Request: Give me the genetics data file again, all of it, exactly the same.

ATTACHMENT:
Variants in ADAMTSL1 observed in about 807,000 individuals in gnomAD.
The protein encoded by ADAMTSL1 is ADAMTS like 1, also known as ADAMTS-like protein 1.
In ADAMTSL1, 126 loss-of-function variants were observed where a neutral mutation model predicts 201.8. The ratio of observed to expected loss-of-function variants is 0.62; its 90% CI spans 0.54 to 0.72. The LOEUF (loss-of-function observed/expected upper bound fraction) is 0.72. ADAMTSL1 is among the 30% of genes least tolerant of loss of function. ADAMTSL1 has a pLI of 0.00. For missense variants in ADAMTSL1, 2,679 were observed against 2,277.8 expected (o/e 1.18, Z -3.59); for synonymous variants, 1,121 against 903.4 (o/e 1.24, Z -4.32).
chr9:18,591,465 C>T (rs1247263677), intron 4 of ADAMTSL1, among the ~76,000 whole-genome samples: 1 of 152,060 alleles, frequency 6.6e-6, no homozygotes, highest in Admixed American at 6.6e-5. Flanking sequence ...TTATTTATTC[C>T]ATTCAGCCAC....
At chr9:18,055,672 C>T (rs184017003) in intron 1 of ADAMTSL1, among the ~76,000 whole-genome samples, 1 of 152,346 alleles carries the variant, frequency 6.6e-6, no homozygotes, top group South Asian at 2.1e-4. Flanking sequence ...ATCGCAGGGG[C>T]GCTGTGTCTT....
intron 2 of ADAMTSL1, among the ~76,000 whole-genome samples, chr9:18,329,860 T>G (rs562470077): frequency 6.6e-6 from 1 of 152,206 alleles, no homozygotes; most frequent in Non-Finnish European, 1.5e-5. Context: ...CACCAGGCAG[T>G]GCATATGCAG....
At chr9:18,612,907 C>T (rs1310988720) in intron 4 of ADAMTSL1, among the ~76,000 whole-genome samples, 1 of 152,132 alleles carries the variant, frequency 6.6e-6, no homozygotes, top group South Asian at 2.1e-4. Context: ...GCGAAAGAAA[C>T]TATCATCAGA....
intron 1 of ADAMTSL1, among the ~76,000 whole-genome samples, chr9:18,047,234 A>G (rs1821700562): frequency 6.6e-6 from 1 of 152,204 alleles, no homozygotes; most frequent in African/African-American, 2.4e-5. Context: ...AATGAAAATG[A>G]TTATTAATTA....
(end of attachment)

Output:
Variants in ADAMTSL1 observed in about 807,000 individuals in gnomAD.
The protein encoded by ADAMTSL1 is ADAMTS like 1, also known as ADAMTS-like protein 1.
In ADAMTSL1, 126 loss-of-function variants were observed where a neutral mutation model predicts 201.8. The ratio of observed to expected loss-of-function variants is 0.62; its 90% CI spans 0.54 to 0.72. The LOEUF (loss-of-function observed/expected upper bound fraction) is 0.72. ADAMTSL1 is among the 30% of genes least tolerant of loss of function. ADAMTSL1 has a pLI of 0.00. For missense variants in ADAMTSL1, 2,679 were observed against 2,277.8 expected (o/e 1.18, Z -3.59); for synonymous variants, 1,121 against 903.4 (o/e 1.24, Z -4.32).
chr9:18,591,465 C>T (rs1247263677), intron 4 of ADAMTSL1, among the ~76,000 whole-genome samples: 1 of 152,060 alleles, frequency 6.6e-6, no homozygotes, highest in Admixed American at 6.6e-5. Flanking sequence ...TTATTTATTC[C>T]ATTCAGCCAC....
At chr9:18,055,672 C>T (rs184017003) in intron 1 of ADAMTSL1, among the ~76,000 whole-genome samples, 1 of 152,346 alleles carries the variant, frequency 6.6e-6, no homozygotes, top group South Asian at 2.1e-4. Flanking sequence ...ATCGCAGGGG[C>T]GCTGTGTCTT....
intron 2 of ADAMTSL1, among the ~76,000 whole-genome samples, chr9:18,329,860 T>G (rs562470077): frequency 6.6e-6 from 1 of 152,206 alleles, no homozygotes; most frequent in Non-Finnish European, 1.5e-5. Context: ...CACCAGGCAG[T>G]GCATATGCAG....
At chr9:18,612,907 C>T (rs1310988720) in intron 4 of ADAMTSL1, among the ~76,000 whole-genome samples, 1 of 152,132 alleles carries the variant, frequency 6.6e-6, no homozygotes, top group South Asian at 2.1e-4. Context: ...GCGAAAGAAA[C>T]TATCATCAGA....
intron 1 of ADAMTSL1, among the ~76,000 whole-genome samples, chr9:18,047,234 A>G (rs1821700562): frequency 6.6e-6 from 1 of 152,204 alleles, no homozygotes; most frequent in African/African-American, 2.4e-5. Context: ...AATGAAAATG[A>G]TTATTAATTA....